Nov 28

Love Can’t Afford to be Afraid: “Tartuffe”

Presented by the Huntington Theatre Co.
By Moliere
Translated by Ranjit Bolt
Directed by Peter DuBois
Choreography by Daniel Pelzig
Original music by Peter Golub
Fight direction by Ted Hewlett

Nov. 10 – Dec. 10, 2017
Avenue of the Arts
Huntington Avenue Theatre
Boston, MA
Huntington on Facebook

Review by Kitty Drexel

(Boston, MA) If you haven’t seen #metoo then it’s likely you’ve been under a proverbial rock. Female and male victims of sexual assault rallied their cry in solidarity with the women accusing Harvey Weinstein of years of criminal misconduct. Weinstein is a pig enabled by others so focused on their own careers/pocketbooks that they wouldn’t stop him. Whether intentional or not, the Huntingington’s Tartuffe is a reflection of the news cycle. In our own backyard, Berklee School of Music harbored rapist professors. “Good” men can’t seem to keep their hands to themselves.   Continue reading

Oct 10

Meditations on Incorporation: “Lost Tempo”

Photograph credit: Kalman Zabarsky

Presented by Boston Playwrights’ Theatre
By Cliff Odle
Directed by Diego Arciniegas

October 5 – 22, 2017
BPT
949 Commonwealth Avenue
Boston, MA 02215
BPT on Facebook

Review by Kitty Drexel

(Boston, MA) Addiction will kill everything you love and then it will kill you. In the 1950’s and 60’s drug dependency, not unlike depression, was considered a moral failing. The US govt. chose to ignore the plight of its people. Today, the opioid epidemic rages around us, silently killing thousands of Americans every day. The occupants of the White House would prefer to pretend we’re living in the 50’s. While the President is very proud to have invented and solved the “opioid crisis emergency” in one afternoon with a press release, updates are nonexistent. In fact the Feds haven’t updated their site since June. Cliff Odle’s Lost Tempo tells us more about the consequences of opioid abuse in 100 minutes than Trump’s administration has in two months.   Continue reading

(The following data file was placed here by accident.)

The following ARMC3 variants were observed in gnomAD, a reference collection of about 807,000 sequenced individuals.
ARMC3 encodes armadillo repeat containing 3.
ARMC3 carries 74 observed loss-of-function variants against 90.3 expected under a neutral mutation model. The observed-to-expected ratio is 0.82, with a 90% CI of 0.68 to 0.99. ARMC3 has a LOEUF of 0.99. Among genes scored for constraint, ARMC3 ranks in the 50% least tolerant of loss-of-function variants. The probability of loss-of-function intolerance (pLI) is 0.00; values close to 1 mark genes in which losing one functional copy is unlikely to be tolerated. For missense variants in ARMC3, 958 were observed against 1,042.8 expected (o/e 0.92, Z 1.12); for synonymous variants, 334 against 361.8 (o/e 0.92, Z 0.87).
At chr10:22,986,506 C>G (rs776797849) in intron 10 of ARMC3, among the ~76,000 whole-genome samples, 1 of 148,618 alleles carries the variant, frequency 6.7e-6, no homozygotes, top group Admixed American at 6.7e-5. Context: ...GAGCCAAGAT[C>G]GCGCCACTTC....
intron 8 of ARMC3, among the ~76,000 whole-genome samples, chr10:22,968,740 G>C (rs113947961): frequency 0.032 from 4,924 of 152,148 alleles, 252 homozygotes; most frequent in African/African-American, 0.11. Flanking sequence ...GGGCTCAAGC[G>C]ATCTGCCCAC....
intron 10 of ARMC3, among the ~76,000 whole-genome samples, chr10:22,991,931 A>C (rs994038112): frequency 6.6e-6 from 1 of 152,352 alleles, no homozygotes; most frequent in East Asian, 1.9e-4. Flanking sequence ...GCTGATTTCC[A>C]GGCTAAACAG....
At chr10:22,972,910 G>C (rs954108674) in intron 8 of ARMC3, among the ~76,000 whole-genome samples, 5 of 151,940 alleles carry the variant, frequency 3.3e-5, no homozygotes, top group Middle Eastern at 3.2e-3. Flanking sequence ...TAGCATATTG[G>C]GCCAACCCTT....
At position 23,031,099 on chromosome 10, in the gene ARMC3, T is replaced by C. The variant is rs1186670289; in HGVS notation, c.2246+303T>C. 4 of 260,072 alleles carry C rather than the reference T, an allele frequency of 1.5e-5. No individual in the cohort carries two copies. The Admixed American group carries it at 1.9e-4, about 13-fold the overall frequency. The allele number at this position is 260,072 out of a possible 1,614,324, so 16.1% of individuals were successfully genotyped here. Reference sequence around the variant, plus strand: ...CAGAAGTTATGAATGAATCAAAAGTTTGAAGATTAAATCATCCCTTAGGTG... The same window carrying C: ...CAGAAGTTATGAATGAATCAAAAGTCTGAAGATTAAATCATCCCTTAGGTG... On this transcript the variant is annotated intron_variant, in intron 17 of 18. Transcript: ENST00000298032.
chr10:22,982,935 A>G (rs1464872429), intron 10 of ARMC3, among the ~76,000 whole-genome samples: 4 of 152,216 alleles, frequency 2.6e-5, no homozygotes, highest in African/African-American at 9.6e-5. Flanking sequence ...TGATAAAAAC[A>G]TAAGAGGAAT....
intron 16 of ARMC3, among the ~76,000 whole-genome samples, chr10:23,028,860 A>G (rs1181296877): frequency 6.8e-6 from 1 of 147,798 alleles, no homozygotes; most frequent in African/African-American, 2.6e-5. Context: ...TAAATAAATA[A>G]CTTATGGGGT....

Aug 08

Not A Leftover: DOG PADDLE (Or, Struggling Inelegantly Against Drowning)

Photo by Andrew Brilliant

Photo by Andrew Brilliant, from Facebook.

Presented by Bridge Repertory Theater
By Retro Finger
Translated by Lily Sykes
Directed by Guy Ben-Aharon

August 4-20, 2016
Studio Theater at Central Square Theater
Cambridge, MA
Bridge Rep on Facebook

Review by Kitty Drexel

(Cambridge, MADog Paddle (Or, Struggling Inelegantly Against Drowing) is a brisk 55 minutes long. It is brief, packs a wallop, and, to be blunt, is just short enough that one can still run errands or what have you before the day’s exhaustion catches up. Dog Paddle is an opportunity to enjoy cranial, abstract theatre without wearing one out for the rest of life. It’s perfect. Continue reading

Apr 26

Perils, Pirates, Prostitutes, and the Peculiarity of “Pericles”

Omar Robinson, Johnny Lee Davenport*, and Johnnie McQuarley in the foreground, with Jesse Hinson* (Pericles) and the cast in the background.
Photo: Stratton McCrady Photography

Presented by Actor’s Shakespeare Project
by William Shakespeare
directed by Allyn Burrows

The Modern Theatre at Suffolk University
525 Washington St., Boston
April 17 – May 12, 2013
ASP Facebook Page

Review by Gillian Daniels